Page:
Q: How can AI help pharmacists streamline workflow or help identify patients that qualify for patient assistance programs?

I'm really excited about what AI is doing, specifically for the pharmacist. I was a pharmacy technician for 5 or 6 years throughout my high school and college career, and I even know it now, right? We all know how overburdened the clinical pharmacist is and for AI, I think the most most optimistic area for AI in a pharmacist workflows, removing that administrative those non-clinical tasks from their workflow, automating that through the use of data and other sources so that the pharmacist can focus on the patient can focus on the clinical piece, to ensure that those patients can get access to therapy and they understand what to expect from a side effect perspective is this drug and make me feel better today, next month, and that's where we really need that clinical consultation between the pharmacist and the patient. So AI is really going to allow the pharmacist to free up that time to be more focused on that patient from a clinical perspective.
Q: How can pharmacists use AI solutions to better optimize patient access to medication and improve treatment outcomes?

So for pharmacists, what we're seeing with the use of AI is truly being able to differentiate every patient and their journey. So previously, maybe 100 patients come in all 100 patients go through the same workflow, we can now use artificial intelligence, different sources of data to truly build a unique patient journey for each patient. So some patients may need more manual touches from a pharmacist or outreach after they start medication. Other patients may be well versed, they've tried a specialty medication for in this class. So all they need is a text message to have some digital resources or a video to remind them of you know how to stay adhere to the medication, how to manage different side effects that they may see. So that's what we're seeing on the the pharmacist side when it comes to really injecting AI to look at every patient and uniquely versus lumping them all together, which we know helps patients get more access to therapy and stay on therapy longer, which is the goal.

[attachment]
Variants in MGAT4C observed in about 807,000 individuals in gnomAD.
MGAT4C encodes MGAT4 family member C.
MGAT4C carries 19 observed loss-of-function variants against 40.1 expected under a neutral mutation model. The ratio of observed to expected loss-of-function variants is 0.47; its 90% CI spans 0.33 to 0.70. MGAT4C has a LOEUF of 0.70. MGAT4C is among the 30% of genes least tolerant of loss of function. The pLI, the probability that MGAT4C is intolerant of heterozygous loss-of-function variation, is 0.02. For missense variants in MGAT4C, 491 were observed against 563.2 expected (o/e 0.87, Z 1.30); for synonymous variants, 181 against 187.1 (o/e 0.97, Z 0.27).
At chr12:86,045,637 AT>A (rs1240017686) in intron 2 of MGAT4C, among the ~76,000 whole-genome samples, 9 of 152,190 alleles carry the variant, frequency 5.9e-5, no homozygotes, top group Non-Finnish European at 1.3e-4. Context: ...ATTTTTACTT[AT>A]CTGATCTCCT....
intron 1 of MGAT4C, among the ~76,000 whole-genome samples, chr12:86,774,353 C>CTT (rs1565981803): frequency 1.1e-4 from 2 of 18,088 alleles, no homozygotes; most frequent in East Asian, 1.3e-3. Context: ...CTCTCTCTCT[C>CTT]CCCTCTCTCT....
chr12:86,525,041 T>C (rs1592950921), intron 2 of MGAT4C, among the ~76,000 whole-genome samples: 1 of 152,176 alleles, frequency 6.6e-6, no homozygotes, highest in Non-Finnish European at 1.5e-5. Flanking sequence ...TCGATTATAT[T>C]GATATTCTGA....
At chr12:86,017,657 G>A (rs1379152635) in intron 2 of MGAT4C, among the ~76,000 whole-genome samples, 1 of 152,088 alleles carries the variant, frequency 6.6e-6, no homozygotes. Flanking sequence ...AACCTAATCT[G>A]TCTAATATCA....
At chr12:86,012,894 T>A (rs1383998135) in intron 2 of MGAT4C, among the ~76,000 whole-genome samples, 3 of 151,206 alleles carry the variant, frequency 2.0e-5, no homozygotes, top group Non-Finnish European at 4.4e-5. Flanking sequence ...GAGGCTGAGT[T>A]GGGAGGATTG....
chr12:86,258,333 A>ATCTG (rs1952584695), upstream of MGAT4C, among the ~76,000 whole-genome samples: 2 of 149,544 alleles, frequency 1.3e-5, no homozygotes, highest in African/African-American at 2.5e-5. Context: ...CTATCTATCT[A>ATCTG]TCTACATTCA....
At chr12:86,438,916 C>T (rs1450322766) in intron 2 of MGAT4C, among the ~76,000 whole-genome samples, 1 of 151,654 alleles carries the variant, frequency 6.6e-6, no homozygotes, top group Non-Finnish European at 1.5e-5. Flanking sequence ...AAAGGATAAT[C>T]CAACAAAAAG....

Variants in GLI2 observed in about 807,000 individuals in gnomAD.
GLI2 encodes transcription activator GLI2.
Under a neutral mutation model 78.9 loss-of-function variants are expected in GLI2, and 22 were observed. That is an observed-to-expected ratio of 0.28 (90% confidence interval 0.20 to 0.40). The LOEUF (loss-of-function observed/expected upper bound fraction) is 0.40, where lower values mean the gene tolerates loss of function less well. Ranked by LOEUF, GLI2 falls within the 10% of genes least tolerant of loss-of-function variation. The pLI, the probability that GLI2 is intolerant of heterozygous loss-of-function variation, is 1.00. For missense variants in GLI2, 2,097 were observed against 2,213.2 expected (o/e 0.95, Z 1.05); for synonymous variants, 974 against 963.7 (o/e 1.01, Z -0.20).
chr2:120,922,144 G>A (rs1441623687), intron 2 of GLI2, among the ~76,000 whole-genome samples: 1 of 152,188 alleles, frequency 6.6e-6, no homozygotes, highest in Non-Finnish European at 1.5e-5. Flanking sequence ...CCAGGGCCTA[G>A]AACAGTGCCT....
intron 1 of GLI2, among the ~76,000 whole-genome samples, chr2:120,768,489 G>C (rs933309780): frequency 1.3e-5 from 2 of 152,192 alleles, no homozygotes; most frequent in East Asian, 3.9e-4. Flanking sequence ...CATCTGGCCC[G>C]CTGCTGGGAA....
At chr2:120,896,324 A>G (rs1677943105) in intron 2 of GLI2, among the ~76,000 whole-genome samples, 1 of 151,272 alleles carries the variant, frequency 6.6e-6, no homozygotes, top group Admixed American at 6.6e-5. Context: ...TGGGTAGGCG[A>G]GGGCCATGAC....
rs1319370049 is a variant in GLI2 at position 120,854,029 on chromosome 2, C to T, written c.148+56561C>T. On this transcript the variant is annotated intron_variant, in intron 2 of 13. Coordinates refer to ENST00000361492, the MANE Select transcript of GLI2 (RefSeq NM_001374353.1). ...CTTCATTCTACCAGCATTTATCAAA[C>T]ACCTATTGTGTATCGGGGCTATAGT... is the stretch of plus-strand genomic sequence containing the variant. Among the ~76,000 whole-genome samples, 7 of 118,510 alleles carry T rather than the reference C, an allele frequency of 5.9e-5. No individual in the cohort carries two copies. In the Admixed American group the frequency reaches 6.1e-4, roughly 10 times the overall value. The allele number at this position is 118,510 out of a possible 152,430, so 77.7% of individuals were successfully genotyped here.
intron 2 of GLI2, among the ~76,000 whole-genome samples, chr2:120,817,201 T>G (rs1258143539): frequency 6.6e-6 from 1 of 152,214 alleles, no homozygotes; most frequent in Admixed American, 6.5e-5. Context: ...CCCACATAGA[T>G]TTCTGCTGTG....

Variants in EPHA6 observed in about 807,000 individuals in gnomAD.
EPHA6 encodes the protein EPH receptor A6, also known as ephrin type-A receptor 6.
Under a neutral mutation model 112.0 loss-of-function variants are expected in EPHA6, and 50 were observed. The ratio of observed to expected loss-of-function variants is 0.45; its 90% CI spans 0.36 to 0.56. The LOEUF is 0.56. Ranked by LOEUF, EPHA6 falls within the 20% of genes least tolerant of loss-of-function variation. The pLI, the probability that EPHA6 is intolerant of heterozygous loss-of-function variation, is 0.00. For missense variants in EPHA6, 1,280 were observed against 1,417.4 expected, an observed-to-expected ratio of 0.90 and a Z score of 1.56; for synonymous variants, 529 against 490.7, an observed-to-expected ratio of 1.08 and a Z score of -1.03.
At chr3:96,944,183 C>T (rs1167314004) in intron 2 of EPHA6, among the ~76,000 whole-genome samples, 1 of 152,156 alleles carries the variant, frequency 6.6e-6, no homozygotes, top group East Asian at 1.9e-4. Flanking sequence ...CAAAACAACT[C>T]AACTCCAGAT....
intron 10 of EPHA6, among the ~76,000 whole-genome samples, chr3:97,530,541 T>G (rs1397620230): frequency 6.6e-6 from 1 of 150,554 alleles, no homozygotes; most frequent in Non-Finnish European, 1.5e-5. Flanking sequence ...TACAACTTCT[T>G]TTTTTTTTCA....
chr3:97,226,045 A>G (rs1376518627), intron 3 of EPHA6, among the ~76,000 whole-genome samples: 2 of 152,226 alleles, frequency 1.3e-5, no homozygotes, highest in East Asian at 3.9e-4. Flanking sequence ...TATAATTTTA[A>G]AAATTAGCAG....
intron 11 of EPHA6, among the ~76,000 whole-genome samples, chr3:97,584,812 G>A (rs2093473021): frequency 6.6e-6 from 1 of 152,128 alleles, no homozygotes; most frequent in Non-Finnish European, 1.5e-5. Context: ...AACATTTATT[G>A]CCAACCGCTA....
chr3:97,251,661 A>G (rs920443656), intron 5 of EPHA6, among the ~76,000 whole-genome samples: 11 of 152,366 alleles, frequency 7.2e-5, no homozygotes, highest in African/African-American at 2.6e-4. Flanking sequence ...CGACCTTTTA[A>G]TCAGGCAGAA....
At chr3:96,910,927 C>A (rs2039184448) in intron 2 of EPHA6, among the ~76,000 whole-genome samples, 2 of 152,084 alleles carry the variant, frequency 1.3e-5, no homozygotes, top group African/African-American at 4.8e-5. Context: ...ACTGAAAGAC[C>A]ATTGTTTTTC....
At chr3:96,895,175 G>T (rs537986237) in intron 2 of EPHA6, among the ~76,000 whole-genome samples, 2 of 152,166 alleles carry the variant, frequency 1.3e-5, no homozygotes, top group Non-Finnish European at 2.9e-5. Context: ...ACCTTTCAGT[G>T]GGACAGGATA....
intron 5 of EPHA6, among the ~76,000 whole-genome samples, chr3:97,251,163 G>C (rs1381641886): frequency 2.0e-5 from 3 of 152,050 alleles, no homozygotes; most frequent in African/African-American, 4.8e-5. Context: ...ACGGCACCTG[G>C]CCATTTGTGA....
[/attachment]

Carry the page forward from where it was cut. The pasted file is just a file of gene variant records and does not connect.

Q: As AI becomes a bigger role in health care, how patient privacy and data security stay protected?

That's incredibly important. Right now, these AI models that you're seeing, they're all based on large volumes of data. So the first thing I always tell pharmacist is make sure that the patient is aware of what they're signing up for, if they're signing up for a patient support program or patient assistance program. The terms and conditions around the data piece is usually 1 paragraph, so the patients should be signing up for those programs, not the pharmacist so they understand how their data is going to be used. Then from a health care company perspective, for those of us using AI, we have to continue to get tighter when it comes to IT security controls security audits around the data that we're using to ensure that patient data is being protected at every every possible point.
Q: Is there anything else you would like to add?

One thing I'd love to add for the pharmacists, pharmacy technicians, everyone out there in that clinical setting is only on average, only about 10% of patients who get prescribed a specialty therapy are enrolled into a patient support program. So education, education, education is so important in this space. So when a patient comes in or sends in a prescription right for their specialty medication, and it rejects or there's a high cost for the medication, educate that patient on the availability of these programs, and always keep it pretty simple. They just google the name of the specialty drug plus patient support program, and they'll find a pharma manufacturer website that has all the resources available for them to engage digitally to enroll digitally or to call the hub at a 1-800 number to get more information about what resources are available to help them through their journey.